||Pavel Tchelitchew was a painter and stage designer of Russian birth, who lived and
worked in Russia, France, and the United States. Educated by private tutors, he
from an early age and attended art classes at the University of Moscow from 1916
1918. Moving south in 1918 to avoid the Revolution, he studied at the Kiev Academy
until 1920 and worked with Alexandra Exter. In 1920, he moved to Odessa, where
worked in the theater, and then, in 1921, to Berlin, where he again supported
himself with theater work and began to paint still lifes, figures, and portraits.
||From 1923, Tchelitchew lived in Paris, where he abandoned the brightly colored
Cubo-Futurist influence of Exter in favor of a more realistic representation of
objects that served as as symbols of cosmic order, a style that was greatly indebted
to Russian symbolist painting. He became the ideologue of a small band of artists,
who became associated with the term Néo-Humanisme in France (Neo-Romanticism in
United States). The group specialized in dream-like landscapes and figures in
tones; they included Eugene Berman and his brother Leonid Berman, Christian Bérard,
and André Lanskoy.
||Tchelitchew was introduced to the writer Edith Sitwell in the salon of Gertrude Stein
and their relationship became one of the most influential in Sitwell's life. He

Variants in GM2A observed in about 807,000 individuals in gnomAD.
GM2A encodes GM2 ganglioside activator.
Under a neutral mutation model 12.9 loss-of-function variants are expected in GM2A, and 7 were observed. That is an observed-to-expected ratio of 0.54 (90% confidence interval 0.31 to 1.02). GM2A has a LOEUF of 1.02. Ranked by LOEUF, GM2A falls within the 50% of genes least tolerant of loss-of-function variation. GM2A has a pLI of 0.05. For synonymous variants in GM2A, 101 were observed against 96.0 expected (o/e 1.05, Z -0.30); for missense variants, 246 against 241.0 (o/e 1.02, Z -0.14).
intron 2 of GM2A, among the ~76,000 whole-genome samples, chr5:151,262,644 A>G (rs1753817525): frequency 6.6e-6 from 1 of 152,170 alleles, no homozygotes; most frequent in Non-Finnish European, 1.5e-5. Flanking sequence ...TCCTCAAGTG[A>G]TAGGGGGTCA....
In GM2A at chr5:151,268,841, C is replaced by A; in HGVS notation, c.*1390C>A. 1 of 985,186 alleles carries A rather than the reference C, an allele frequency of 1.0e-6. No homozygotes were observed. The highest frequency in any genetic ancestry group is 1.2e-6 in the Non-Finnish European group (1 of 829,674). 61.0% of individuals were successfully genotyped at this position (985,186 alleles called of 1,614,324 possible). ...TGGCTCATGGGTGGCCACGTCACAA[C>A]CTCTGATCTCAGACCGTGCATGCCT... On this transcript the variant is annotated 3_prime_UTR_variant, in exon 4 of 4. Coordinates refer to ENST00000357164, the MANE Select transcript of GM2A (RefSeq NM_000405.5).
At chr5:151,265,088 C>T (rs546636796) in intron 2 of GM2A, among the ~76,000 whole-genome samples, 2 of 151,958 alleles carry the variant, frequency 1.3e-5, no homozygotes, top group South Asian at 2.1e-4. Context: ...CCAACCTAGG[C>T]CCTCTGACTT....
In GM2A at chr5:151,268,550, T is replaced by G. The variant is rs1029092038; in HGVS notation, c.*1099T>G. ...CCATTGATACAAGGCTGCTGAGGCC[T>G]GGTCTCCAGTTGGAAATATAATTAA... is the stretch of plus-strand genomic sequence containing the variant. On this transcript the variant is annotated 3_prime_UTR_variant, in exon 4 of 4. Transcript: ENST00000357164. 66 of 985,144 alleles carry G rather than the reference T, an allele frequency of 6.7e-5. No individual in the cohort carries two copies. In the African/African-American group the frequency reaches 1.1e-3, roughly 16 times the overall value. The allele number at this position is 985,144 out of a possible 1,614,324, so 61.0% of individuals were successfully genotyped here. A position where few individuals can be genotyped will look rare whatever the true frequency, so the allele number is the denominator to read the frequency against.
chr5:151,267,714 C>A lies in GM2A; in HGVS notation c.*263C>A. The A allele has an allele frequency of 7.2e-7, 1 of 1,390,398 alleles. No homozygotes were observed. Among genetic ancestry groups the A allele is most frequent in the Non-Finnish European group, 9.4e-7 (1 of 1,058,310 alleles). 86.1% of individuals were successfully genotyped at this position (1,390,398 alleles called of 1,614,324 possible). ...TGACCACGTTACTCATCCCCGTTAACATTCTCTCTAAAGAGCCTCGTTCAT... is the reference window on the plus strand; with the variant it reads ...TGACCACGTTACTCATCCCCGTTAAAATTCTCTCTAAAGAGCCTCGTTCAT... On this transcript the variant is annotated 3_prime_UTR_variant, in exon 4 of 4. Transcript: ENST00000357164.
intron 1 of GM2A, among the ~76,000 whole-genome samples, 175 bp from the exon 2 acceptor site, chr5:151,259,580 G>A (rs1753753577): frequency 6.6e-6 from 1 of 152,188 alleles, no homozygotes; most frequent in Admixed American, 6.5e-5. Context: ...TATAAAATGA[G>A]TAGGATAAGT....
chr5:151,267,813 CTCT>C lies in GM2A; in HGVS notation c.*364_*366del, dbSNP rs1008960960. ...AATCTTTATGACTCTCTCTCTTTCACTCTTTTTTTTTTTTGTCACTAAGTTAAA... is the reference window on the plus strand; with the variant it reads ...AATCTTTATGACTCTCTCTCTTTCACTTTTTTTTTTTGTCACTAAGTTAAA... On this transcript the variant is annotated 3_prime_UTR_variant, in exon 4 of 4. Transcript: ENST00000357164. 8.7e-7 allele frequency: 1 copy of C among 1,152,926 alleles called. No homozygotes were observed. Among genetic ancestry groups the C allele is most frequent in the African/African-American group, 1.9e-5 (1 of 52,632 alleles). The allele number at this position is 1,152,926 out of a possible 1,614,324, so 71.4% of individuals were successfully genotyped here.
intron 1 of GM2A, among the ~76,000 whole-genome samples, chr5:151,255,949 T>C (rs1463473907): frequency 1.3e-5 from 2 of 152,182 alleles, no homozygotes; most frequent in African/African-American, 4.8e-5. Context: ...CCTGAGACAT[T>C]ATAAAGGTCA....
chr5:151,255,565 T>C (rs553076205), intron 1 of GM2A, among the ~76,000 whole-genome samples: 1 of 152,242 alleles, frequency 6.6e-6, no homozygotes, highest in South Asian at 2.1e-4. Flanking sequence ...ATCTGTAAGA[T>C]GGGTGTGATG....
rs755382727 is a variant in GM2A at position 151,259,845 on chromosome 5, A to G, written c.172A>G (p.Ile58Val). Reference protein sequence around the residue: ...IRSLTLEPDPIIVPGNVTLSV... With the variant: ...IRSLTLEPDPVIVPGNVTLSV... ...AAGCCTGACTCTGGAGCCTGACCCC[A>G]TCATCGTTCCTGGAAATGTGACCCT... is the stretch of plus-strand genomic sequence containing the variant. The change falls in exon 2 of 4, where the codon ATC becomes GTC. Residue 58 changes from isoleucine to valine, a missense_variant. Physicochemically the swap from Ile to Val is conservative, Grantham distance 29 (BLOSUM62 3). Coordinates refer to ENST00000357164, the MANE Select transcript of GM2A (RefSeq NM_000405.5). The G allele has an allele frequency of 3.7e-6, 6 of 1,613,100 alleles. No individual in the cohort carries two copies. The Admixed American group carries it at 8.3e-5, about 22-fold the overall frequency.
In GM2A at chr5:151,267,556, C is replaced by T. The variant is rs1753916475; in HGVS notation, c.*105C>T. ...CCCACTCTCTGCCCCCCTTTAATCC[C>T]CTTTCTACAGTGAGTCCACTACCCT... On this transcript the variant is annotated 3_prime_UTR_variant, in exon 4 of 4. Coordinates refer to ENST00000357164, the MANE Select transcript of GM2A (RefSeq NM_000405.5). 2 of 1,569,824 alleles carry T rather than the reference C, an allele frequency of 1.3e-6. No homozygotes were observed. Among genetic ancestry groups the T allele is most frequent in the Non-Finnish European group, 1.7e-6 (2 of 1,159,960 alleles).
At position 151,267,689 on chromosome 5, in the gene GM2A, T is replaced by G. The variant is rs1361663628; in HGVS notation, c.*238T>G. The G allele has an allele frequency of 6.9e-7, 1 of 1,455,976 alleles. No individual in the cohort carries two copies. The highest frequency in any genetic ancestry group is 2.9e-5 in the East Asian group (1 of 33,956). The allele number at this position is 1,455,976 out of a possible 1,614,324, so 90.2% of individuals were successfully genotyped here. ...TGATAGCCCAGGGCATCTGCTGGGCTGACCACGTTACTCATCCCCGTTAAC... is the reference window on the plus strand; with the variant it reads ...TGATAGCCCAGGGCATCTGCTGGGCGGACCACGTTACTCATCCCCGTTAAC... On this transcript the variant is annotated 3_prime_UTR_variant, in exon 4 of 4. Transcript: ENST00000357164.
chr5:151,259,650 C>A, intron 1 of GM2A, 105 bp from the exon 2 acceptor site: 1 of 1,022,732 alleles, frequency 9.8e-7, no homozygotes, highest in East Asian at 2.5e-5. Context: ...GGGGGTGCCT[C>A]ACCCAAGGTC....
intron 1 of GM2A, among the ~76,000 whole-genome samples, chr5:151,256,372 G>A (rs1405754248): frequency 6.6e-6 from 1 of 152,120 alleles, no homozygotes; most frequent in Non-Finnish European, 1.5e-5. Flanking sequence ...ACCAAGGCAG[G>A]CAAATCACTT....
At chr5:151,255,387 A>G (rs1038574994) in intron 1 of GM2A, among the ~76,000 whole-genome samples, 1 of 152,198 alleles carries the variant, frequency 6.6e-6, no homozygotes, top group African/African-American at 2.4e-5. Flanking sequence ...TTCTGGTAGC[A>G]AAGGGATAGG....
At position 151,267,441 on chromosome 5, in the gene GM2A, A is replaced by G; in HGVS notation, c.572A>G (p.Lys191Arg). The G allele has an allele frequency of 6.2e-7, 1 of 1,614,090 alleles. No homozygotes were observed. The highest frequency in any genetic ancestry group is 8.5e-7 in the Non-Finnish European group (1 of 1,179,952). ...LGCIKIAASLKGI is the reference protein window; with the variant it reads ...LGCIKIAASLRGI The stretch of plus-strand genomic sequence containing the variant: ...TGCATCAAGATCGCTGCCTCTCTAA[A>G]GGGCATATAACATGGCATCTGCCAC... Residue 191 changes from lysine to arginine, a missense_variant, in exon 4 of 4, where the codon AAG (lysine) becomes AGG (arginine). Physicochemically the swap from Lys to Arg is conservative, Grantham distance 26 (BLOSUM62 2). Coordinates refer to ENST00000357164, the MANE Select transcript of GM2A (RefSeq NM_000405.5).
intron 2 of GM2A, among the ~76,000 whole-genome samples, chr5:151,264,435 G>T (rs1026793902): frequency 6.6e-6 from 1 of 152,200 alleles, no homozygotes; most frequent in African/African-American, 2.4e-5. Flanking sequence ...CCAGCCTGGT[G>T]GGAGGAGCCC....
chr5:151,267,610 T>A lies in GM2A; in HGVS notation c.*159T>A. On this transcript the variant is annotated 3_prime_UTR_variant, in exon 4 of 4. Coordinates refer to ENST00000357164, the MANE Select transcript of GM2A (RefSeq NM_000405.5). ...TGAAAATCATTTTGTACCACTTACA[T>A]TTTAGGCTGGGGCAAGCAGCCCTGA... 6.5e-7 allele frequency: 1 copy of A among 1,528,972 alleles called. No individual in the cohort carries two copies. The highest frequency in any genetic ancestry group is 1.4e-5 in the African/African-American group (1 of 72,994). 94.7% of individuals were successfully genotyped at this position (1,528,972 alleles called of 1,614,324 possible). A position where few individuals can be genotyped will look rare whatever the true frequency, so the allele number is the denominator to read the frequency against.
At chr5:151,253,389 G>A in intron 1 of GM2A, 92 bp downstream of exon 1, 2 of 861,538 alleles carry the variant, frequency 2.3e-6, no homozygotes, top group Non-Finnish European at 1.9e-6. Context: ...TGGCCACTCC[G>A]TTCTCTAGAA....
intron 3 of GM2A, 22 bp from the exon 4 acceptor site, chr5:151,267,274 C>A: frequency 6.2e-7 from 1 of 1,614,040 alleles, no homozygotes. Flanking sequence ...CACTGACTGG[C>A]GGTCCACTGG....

captivated by Edith's presence and later painted her portrait several times. Over
many years she served him as muse, mother, and impresario in a tumultuous and
her, likely unfulfilling) platonic relationship.
||Tchelitchew sought to define an imagery of the soul's journey to immortality. Basing
his model of Hell, Purgatory, and Paradise on the vision of Renaissance
Neo-Platonists, he created an allegory of the spirit in a lengthy sequence of
pictures. The series was still unfinished at his death. In Hide and Seek, Tchelitchew's most celebrated canvas, he related the
seasons to procreation and growth by merging plant and human forms.
||From 1919 to 1942, Tchelitchew also earned a reputation as one of the most innovative
stage designers of the period. His work was particularly admired for its novel
of new materials and dramatic lighting effects.
||Tchelitchew lived in the United States beginning in 1934 and became an American
citizen in 1952, just before moving to Italy. His fragile health kept him abroad
until his death on July 31, 1957.